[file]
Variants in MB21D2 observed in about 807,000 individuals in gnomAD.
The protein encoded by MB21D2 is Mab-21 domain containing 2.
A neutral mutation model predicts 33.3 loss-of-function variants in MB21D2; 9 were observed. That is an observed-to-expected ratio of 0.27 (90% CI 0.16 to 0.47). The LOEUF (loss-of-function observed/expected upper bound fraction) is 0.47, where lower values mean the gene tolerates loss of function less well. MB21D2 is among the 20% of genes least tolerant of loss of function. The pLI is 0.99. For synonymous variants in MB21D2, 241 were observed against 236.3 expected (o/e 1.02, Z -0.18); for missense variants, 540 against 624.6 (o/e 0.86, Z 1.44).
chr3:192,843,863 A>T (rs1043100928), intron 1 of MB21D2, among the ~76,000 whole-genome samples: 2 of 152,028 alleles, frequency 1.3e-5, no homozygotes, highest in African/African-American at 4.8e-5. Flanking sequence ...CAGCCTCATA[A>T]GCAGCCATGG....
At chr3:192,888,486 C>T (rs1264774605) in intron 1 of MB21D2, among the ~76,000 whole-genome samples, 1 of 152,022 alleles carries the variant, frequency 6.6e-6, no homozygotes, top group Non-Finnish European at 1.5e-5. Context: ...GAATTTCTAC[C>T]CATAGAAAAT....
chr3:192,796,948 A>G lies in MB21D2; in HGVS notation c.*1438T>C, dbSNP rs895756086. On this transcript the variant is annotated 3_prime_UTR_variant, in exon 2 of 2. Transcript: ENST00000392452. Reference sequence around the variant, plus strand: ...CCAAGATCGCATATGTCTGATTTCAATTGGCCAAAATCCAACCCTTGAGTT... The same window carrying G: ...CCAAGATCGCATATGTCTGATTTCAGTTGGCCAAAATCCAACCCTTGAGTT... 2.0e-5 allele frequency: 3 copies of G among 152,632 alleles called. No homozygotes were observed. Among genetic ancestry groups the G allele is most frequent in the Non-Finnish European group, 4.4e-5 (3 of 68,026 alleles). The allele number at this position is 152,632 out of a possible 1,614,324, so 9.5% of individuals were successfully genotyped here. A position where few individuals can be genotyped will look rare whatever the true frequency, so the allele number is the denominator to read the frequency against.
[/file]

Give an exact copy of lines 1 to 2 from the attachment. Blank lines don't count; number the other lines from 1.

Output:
Variants in MB21D2 observed in about 807,000 individuals in gnomAD.
The protein encoded by MB21D2 is Mab-21 domain containing 2.